Archive for Perfect Strangers

Great Rock/Metal Albums of 1984: Deep Purple- Perfect Strangers

Posted in 1980s, Concerts, Heavy Metal, Heavy Metal and the 1980s, Music, Rock, Uncategorized with tags , , , , , , , , , , , , , , on April 26, 2018 by 80smetalman

Destiny brought them back together again. At least that was the big advertising plug for the “Perfect Strangers” album from the newly reformed Deep Purple. Back in the day, this album split opinion among many metalheads. Older ones like me, (I was 23 then), embraced this album immediately. However, there was some dissent from many teen metalheads at the time. Some even said that Deep Purple never should have reformed. To them, “Perfect Strangers” was a disappointment.

Let me add my theory to why teen metalheads might have been disappointed with the album. See, all these youngsters ever heard about in regards to Deep Purple was the classic “Smoke on the Water.” For many, this was their only experience with the legends. Therefore, they expected the entire album to be like that classic and when Deep Purple showed their more progressive rock side, which they do on the album, these youngsters were put off.

My experience with Deep Purple, although late, was full on. Of course, I knew of “Smoke on the Water” but I also enjoyed their more progressive songs like, “Wring That Neck” and there’s my favourite, “Woman From Tokyo” which incorporates both the prog and hard rock they were famous for. While none of the songs on “Perfect Strangers” quite match up to my fave, they do a rather good job of fusing their progressive and hard rock sounds. I think what these young people didn’t understand was that the band couldn’t help but add a little prog rock into their music when they had one of the best keyboard players of all time.

Deep Purple try to explain to their listeners that they had progressed from the days of “Smoke on the Water.” The closing track and my pick for hidden gem, “Hungry Daze,” states this clearly with the lyrics:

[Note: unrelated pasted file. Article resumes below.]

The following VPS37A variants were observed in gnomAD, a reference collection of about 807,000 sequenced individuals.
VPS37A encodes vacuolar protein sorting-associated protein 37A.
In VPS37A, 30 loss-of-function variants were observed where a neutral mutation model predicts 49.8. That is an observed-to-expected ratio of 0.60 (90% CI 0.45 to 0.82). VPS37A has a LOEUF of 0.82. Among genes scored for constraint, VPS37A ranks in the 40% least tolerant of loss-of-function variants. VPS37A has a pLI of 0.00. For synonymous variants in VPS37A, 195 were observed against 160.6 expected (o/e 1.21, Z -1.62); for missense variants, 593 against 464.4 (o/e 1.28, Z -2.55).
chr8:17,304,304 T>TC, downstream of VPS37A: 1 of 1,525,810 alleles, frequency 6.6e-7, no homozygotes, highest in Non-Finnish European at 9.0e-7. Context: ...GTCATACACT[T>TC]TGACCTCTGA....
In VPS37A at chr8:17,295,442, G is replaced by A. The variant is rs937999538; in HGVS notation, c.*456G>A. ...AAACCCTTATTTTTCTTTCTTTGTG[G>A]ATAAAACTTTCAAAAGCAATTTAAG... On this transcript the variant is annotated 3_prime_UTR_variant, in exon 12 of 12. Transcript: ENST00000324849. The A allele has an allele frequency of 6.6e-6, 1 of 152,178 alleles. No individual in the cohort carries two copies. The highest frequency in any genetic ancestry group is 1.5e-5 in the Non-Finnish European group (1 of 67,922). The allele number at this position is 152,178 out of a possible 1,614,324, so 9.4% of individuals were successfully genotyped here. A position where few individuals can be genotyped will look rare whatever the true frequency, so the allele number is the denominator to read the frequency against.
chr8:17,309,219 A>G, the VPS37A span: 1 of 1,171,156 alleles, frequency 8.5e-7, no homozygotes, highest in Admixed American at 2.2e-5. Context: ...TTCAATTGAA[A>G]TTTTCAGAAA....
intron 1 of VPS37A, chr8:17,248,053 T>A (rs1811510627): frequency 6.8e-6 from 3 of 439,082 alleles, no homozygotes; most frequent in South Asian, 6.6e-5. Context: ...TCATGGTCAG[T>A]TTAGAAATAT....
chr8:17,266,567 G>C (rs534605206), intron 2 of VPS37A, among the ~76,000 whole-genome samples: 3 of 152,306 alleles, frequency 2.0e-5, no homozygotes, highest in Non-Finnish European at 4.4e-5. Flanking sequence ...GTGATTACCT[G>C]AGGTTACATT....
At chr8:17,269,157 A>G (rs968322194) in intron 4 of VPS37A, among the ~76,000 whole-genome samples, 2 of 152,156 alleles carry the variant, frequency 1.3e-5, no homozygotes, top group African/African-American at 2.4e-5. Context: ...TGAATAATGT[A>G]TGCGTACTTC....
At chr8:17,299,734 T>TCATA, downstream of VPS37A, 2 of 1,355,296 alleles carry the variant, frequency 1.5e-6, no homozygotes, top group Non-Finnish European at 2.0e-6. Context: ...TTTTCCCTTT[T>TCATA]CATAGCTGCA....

“We all came out to Montreax, but that’s another song.” 

The opening track, “Knocking At Your Back Door” pretty much shapes the entire album. You have some killer guitar work from Blackmore, great keyboard wizardry from Lord, Ian Gillan’s vocals were as sharp as they had been ten years earlier and the bombarding rhythm section of Glover and Paice holding all together. It’ s a great song to begin the album with. Things just go on from there with the slightly harder “Under the Gun,” then the more progressive “Nobody’s Home”  which shows off Jon Lord’s best keyboard work and the more bluesy sounding “Mean Streak.

One of my biggest regrets after writing “Rock and Roll Children” comes with the title track. When I saw Deep Purple live in early 1985, there was a phenomenal light show accompanying the song. I loved how the lasers shot across the length of the Philadelphia Spectrum making different patters with the notes. I don’t think I did it justice in the story. It was the first single and an okay song. “A Gypsy’s Kiss” remind me of the old DP classic, “Burn” with Ritchie belting out a blinder of a solo as well as the trade-off with Jon Lord where guitar and keyboards go back and forth. Okay, there are two hidden gems on this album.

In regards to the other gem, I don’t think “Hungry Daze” should have been the closer on the album. It’s a good track but everything about the penultimate track, “Wasted Sunsets” screams closer! Just listen to the opening guitar solo and the way Gillan’s voice just takes over before relinquishing again to another blazing Blackmore solo. The slower blues beat with it bears even more witness that it should be a closer. Hell, even the title suggests it! Other than this track misappropriation, “Perfect Strangers” was a good album for them to come back on.

Track Listing:

  1. Knocking At Your Back Door
  2. Under the Gun
  3. Nobody’s Home
  4. Mean Streak
  5. Perfect Strangers
  6. A Gypsy’s Kiss
  7. Wasted Sunsets
  8. Hungry Daze

Deep Purple

Ian Gillan- lead vocals

Ritchie Blackmore- guitar

Roger Glover- bass

Jon Lord- keyboards

Ian Paice- drums

Was 1984 the right time for Deep Purple to return? I’ve always thought so. I admit, “Perfect Strangers” isn’t exactly “Machine Head” but it’s a good album. The musicianship of the five members is outstanding, proving that there’s more to them than “Smoke on the Water.”

Next post: Venom- At War With Satan

To get Rock and Roll Children, go to: https://crreadac.cf/current/ebooks-free-download-rock-and-roll-children-fb2-by-michael-d-lefevre.html

 

 

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